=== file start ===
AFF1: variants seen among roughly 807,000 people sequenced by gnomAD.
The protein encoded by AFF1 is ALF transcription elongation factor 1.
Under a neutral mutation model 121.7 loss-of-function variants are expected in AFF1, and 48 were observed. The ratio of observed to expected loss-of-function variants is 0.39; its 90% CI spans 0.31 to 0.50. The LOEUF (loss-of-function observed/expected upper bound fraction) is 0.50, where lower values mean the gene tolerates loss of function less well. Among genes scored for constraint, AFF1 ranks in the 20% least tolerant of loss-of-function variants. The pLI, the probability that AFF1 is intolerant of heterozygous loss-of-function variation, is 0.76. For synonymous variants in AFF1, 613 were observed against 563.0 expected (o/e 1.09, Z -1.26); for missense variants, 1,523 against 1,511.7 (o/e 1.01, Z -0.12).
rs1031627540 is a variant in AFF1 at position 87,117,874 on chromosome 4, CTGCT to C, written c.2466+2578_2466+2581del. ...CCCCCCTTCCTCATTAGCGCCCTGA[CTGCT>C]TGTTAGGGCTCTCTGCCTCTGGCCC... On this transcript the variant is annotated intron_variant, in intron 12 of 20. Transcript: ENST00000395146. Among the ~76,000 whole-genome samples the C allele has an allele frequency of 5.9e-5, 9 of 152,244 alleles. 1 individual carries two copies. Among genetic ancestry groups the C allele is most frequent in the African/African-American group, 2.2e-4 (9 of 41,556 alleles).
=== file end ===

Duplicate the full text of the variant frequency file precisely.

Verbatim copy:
AFF1: variants seen among roughly 807,000 people sequenced by gnomAD.
The protein encoded by AFF1 is ALF transcription elongation factor 1.
Under a neutral mutation model 121.7 loss-of-function variants are expected in AFF1, and 48 were observed. The ratio of observed to expected loss-of-function variants is 0.39; its 90% CI spans 0.31 to 0.50. The LOEUF (loss-of-function observed/expected upper bound fraction) is 0.50, where lower values mean the gene tolerates loss of function less well. Among genes scored for constraint, AFF1 ranks in the 20% least tolerant of loss-of-function variants. The pLI, the probability that AFF1 is intolerant of heterozygous loss-of-function variation, is 0.76. For synonymous variants in AFF1, 613 were observed against 563.0 expected (o/e 1.09, Z -1.26); for missense variants, 1,523 against 1,511.7 (o/e 1.01, Z -0.12).
rs1031627540 is a variant in AFF1 at position 87,117,874 on chromosome 4, CTGCT to C, written c.2466+2578_2466+2581del. ...CCCCCCTTCCTCATTAGCGCCCTGA[CTGCT>C]TGTTAGGGCTCTCTGCCTCTGGCCC... On this transcript the variant is annotated intron_variant, in intron 12 of 20. Transcript: ENST00000395146. Among the ~76,000 whole-genome samples the C allele has an allele frequency of 5.9e-5, 9 of 152,244 alleles. 1 individual carries two copies. Among genetic ancestry groups the C allele is most frequent in the African/African-American group, 2.2e-4 (9 of 41,556 alleles).